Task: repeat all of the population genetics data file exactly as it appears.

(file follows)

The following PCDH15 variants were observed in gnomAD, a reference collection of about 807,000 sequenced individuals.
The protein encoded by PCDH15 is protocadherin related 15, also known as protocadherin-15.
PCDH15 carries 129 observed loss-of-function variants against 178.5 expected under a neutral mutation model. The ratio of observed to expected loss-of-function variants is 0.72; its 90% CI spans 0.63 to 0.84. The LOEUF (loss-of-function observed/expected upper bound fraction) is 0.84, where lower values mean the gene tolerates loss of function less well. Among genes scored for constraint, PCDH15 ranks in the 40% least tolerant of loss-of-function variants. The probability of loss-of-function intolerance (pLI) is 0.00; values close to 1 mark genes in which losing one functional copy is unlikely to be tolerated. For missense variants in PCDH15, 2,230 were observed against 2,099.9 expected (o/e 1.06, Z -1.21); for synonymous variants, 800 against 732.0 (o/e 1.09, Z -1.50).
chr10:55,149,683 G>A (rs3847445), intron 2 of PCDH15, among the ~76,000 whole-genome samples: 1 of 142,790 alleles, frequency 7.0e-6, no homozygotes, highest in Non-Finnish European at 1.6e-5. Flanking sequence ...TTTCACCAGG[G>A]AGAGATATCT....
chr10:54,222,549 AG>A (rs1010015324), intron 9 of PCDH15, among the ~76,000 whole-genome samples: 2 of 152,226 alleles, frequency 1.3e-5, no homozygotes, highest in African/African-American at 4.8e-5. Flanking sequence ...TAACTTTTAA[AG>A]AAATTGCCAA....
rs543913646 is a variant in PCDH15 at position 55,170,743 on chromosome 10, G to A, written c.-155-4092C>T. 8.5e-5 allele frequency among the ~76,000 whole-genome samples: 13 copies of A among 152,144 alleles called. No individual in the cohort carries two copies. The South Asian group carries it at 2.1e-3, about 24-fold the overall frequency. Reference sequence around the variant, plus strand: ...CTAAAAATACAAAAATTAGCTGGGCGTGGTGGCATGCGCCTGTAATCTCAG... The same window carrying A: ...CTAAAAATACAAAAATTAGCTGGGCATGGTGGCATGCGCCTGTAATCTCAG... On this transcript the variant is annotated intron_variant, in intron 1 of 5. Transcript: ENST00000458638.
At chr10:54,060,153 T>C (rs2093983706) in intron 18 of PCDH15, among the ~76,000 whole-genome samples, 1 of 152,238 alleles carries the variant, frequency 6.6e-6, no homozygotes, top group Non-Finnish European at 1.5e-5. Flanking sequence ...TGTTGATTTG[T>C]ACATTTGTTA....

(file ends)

The following PCDH15 variants were observed in gnomAD, a reference collection of about 807,000 sequenced individuals.
The protein encoded by PCDH15 is protocadherin related 15, also known as protocadherin-15.
PCDH15 carries 129 observed loss-of-function variants against 178.5 expected under a neutral mutation model. The ratio of observed to expected loss-of-function variants is 0.72; its 90% CI spans 0.63 to 0.84. The LOEUF (loss-of-function observed/expected upper bound fraction) is 0.84, where lower values mean the gene tolerates loss of function less well. Among genes scored for constraint, PCDH15 ranks in the 40% least tolerant of loss-of-function variants. The probability of loss-of-function intolerance (pLI) is 0.00; values close to 1 mark genes in which losing one functional copy is unlikely to be tolerated. For missense variants in PCDH15, 2,230 were observed against 2,099.9 expected (o/e 1.06, Z -1.21); for synonymous variants, 800 against 732.0 (o/e 1.09, Z -1.50).
chr10:55,149,683 G>A (rs3847445), intron 2 of PCDH15, among the ~76,000 whole-genome samples: 1 of 142,790 alleles, frequency 7.0e-6, no homozygotes, highest in Non-Finnish European at 1.6e-5. Flanking sequence ...TTTCACCAGG[G>A]AGAGATATCT....
chr10:54,222,549 AG>A (rs1010015324), intron 9 of PCDH15, among the ~76,000 whole-genome samples: 2 of 152,226 alleles, frequency 1.3e-5, no homozygotes, highest in African/African-American at 4.8e-5. Flanking sequence ...TAACTTTTAA[AG>A]AAATTGCCAA....
rs543913646 is a variant in PCDH15 at position 55,170,743 on chromosome 10, G to A, written c.-155-4092C>T. 8.5e-5 allele frequency among the ~76,000 whole-genome samples: 13 copies of A among 152,144 alleles called. No individual in the cohort carries two copies. The South Asian group carries it at 2.1e-3, about 24-fold the overall frequency. Reference sequence around the variant, plus strand: ...CTAAAAATACAAAAATTAGCTGGGCGTGGTGGCATGCGCCTGTAATCTCAG... The same window carrying A: ...CTAAAAATACAAAAATTAGCTGGGCATGGTGGCATGCGCCTGTAATCTCAG... On this transcript the variant is annotated intron_variant, in intron 1 of 5. Transcript: ENST00000458638.
At chr10:54,060,153 T>C (rs2093983706) in intron 18 of PCDH15, among the ~76,000 whole-genome samples, 1 of 152,238 alleles carries the variant, frequency 6.6e-6, no homozygotes, top group Non-Finnish European at 1.5e-5. Flanking sequence ...TGTTGATTTG[T>C]ACATTTGTTA....